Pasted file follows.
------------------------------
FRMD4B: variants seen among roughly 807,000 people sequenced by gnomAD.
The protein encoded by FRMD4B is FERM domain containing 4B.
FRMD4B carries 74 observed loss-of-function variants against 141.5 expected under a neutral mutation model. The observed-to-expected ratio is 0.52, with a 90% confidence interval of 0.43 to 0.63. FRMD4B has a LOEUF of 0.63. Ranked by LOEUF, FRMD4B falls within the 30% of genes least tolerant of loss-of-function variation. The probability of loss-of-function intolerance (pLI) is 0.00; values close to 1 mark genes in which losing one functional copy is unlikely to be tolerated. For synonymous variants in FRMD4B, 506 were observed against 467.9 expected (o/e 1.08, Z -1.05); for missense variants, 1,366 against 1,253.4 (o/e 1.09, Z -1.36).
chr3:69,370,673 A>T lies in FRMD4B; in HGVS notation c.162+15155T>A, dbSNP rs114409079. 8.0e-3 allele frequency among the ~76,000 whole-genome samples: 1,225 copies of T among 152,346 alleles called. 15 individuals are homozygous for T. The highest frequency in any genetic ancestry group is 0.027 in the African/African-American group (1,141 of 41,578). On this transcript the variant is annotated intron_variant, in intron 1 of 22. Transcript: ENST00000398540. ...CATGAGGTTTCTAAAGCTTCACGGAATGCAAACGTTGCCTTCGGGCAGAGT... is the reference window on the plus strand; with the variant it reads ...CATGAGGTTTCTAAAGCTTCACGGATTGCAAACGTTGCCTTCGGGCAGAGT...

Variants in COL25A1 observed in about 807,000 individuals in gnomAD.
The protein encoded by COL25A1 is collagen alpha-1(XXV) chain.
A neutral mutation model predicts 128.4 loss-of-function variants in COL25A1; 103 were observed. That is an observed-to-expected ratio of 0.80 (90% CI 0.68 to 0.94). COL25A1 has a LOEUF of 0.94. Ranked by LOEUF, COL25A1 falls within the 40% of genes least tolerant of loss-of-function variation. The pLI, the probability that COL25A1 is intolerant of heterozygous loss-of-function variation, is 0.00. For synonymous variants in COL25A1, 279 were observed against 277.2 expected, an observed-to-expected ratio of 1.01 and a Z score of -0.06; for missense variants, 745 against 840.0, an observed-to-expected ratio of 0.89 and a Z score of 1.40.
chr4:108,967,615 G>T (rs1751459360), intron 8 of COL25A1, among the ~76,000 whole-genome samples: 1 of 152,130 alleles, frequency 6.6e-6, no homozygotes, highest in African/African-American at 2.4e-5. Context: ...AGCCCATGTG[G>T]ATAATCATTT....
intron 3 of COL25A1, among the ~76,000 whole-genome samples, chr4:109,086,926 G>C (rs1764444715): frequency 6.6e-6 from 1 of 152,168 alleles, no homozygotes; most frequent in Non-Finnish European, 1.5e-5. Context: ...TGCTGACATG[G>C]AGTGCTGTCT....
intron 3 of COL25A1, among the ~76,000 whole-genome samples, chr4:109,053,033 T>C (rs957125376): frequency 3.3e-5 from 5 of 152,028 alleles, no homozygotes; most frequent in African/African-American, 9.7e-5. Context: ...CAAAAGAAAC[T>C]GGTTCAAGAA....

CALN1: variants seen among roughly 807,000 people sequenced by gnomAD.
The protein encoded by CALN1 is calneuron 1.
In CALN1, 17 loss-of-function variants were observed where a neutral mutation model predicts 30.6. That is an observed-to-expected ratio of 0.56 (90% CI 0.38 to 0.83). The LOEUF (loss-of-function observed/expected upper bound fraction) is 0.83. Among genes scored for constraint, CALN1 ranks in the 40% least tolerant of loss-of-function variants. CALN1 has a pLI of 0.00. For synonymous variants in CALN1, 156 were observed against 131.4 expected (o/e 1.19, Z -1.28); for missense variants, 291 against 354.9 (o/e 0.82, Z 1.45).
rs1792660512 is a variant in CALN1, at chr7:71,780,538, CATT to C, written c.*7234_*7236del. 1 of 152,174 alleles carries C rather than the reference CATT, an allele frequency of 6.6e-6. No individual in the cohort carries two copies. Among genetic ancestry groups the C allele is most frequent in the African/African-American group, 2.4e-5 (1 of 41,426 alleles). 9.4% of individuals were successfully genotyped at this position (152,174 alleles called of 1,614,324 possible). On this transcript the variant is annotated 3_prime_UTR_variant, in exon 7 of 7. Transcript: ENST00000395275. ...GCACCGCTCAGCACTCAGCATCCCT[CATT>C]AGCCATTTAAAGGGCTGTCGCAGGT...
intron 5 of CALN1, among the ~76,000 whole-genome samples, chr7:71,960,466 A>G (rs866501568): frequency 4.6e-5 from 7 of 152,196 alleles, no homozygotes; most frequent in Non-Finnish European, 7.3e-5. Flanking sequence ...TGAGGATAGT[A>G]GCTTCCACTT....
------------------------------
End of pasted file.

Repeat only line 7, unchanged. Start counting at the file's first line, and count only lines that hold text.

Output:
A neutral mutation model predicts 128.4 loss-of-function variants in COL25A1; 103 were observed. That is an observed-to-expected ratio of 0.80 (90% CI 0.68 to 0.94). COL25A1 has a LOEUF of 0.94. Ranked by LOEUF, COL25A1 falls within the 40% of genes least tolerant of loss-of-function variation. The pLI, the probability that COL25A1 is intolerant of heterozygous loss-of-function variation, is 0.00. For synonymous variants in COL25A1, 279 were observed against 277.2 expected, an observed-to-expected ratio of 1.01 and a Z score of -0.06; for missense variants, 745 against 840.0, an observed-to-expected ratio of 0.89 and a Z score of 1.40.